• Stephanie Corkran

    The points you have made are so true – thank you for highlighting them! UC must divest from fossil fuels to walk the talk. For a long time I have argued that pension participation needs to be voluntary to give individual workers freedom to invest in organizations that reflect ones values (the new 401K option at least gives people the possibility to invest their money as they see fit). As a staff member at UCSD I have to say there are multiple areas that practice does not match up with green policy. Many times the food events promoted in UCSD housing/at conferences are heavily animal product focused (with the resultant higher carbon footprints). Also for grounds keeping I have recently witnessed weed killer/pesticide products used as well as equipment powered by fossil fuels. There is much room for improvement!

    • California Defender

      While I applaud your desire to reduce your carbon footprint, 401K investments, fancy foodie events, and weed killers are not going to have any effect at all.

      If you really want to put your green views where your mouth is, then start talking about population control and reduction.

      Without first dealing with the elephant in the room, the rest simply doesn’t matter.

    • Stephanie Corkran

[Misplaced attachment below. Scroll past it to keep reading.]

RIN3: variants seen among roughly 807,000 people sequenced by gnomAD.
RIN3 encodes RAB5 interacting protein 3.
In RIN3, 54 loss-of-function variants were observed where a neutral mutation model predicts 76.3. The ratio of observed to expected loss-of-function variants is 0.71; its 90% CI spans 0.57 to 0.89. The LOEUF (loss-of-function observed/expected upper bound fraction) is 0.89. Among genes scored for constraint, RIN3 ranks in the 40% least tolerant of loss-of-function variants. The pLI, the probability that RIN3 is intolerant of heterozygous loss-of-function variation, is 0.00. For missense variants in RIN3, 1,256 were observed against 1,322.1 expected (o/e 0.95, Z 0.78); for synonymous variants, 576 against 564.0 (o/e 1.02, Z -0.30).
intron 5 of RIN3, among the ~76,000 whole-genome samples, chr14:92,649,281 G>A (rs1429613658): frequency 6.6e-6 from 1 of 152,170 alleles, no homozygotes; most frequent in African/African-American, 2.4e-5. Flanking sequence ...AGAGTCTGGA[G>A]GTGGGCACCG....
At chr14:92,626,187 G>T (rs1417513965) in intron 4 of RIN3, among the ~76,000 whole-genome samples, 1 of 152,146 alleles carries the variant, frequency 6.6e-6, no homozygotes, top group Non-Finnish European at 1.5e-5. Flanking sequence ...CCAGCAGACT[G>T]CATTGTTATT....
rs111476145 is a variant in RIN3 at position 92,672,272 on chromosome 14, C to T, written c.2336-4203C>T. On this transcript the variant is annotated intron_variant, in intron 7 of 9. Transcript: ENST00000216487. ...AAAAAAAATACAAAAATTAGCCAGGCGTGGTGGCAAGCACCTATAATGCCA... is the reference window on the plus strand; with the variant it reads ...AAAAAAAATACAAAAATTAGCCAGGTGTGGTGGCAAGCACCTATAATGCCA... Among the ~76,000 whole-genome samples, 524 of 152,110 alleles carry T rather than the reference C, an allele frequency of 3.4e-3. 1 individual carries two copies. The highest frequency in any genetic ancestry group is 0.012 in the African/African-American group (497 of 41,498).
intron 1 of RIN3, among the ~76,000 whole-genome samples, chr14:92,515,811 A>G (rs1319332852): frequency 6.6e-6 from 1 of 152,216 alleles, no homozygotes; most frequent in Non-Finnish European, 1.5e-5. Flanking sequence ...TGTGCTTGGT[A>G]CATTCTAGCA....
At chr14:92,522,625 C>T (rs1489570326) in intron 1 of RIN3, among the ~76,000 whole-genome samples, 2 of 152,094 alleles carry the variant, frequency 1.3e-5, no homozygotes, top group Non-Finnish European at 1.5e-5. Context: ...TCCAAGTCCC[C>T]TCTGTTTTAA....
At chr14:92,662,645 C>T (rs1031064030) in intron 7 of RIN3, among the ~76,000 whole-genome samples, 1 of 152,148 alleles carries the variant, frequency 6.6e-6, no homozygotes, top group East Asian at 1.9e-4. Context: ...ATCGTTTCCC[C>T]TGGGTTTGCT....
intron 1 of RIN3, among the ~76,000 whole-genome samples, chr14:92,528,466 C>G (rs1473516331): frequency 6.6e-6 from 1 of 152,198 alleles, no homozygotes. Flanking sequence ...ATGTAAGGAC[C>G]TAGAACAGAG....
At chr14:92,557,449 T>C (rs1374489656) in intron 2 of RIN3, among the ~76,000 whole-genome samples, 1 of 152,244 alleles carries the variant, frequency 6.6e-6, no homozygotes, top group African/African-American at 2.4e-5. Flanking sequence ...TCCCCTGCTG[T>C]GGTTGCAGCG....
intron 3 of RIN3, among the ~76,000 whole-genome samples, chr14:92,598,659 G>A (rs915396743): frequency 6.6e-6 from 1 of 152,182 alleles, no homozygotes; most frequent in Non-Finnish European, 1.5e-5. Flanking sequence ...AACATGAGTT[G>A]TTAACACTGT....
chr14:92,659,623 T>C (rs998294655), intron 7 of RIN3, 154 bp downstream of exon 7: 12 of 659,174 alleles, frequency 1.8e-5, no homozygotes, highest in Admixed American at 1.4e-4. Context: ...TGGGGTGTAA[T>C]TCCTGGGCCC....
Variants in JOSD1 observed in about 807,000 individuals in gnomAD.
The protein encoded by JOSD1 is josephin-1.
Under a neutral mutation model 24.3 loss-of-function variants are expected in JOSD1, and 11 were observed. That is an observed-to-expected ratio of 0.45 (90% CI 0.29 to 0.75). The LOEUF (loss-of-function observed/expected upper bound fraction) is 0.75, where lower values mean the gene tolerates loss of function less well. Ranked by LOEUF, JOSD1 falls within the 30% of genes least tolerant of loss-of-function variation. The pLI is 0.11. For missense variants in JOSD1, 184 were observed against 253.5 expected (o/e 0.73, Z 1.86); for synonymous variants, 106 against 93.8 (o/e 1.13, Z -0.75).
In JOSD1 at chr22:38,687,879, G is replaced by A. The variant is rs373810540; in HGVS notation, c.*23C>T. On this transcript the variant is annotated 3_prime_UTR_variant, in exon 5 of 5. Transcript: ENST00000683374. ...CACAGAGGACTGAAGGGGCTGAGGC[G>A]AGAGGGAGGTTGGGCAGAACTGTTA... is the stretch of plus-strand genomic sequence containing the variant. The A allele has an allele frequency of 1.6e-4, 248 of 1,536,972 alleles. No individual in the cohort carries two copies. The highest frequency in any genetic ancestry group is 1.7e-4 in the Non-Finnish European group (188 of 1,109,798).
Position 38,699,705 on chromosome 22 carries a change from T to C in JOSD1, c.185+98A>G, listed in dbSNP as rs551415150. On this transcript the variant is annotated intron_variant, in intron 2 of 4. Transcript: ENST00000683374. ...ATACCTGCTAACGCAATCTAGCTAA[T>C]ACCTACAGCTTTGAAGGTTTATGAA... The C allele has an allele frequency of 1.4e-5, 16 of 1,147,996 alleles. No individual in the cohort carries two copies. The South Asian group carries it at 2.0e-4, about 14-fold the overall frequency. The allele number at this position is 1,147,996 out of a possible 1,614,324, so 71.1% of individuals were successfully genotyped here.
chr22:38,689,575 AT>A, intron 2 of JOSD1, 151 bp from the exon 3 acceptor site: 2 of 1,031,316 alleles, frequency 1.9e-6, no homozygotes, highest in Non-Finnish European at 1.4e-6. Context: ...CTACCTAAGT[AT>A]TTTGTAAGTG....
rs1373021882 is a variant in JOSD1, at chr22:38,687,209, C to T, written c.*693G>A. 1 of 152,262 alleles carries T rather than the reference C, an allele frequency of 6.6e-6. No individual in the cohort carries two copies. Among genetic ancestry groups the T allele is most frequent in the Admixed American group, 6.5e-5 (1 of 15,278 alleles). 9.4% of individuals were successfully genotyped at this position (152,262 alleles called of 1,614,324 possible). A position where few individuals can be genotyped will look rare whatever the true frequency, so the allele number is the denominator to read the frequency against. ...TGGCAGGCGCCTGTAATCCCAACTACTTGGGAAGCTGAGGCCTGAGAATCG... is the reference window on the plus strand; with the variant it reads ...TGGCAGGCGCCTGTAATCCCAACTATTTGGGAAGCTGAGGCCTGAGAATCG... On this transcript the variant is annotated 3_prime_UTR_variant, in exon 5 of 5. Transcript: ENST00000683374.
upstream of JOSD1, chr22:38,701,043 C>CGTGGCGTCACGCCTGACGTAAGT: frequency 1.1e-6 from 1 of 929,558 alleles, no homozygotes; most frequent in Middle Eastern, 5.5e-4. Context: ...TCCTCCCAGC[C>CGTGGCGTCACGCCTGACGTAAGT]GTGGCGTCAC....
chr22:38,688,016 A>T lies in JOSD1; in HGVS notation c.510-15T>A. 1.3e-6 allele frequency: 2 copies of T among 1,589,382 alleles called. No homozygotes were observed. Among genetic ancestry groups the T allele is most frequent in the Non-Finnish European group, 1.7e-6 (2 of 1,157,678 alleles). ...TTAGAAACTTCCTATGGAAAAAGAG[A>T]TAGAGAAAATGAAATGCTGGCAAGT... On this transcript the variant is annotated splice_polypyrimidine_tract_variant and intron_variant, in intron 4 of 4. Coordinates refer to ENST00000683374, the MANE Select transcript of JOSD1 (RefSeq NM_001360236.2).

I do not disagree with you on human overpopulation. I chose a long time ago not to bring children onto this planet for that reason. I support that overpopulation of our species is a major problem we need to confront, and I am not shy about stating this. However – I do not agree that there is no contribution to be made by all of our individual choices every day – and what policies we support.

    • California Defender

      Your efforts are laudable, but don’t kid yourself, those actions will not move the needle on climate change. Perhaps not you, but for most rich 1st world folks, this is all about virtue signalling rather than confronting a difficult topic and real change.

      And if you decided to not have kids just because of overpopulation, remember that the US adds 2 million people from legal and illegal immigration per year which destroys any benefit we had from a low American fertility rate at 1.8 per woman.

      Real actions that will stop global warming and protect our environment start with reducing legal immigration and stopping illegal to the US. Then reducing the absurdly high birth rates in Africa, Asia, and the Middle East.

      Then we can concentrate on becoming carbon neutral.

    • Stephanie Corkran

      I think it best to fix things in our culture first. It is well know that an American child uses many more resources and creates much more environmental destruction globally than children in most other nations. We should focus on weaning ourselves off fossil fuels and reducing our consumption. Many of the refugees/migrants coming to this country are fleeing conditions that are in part caused by climate change as documented by the UN; climate change that is the effect of many years of us blowing carbon into the atmosphere and living beyond our resource means. So I think us becoming carbon neutral comes first. That will have the greatest impact on GGE reductions. We need to set the example. But overpopulation worldwide needs to be addressed also.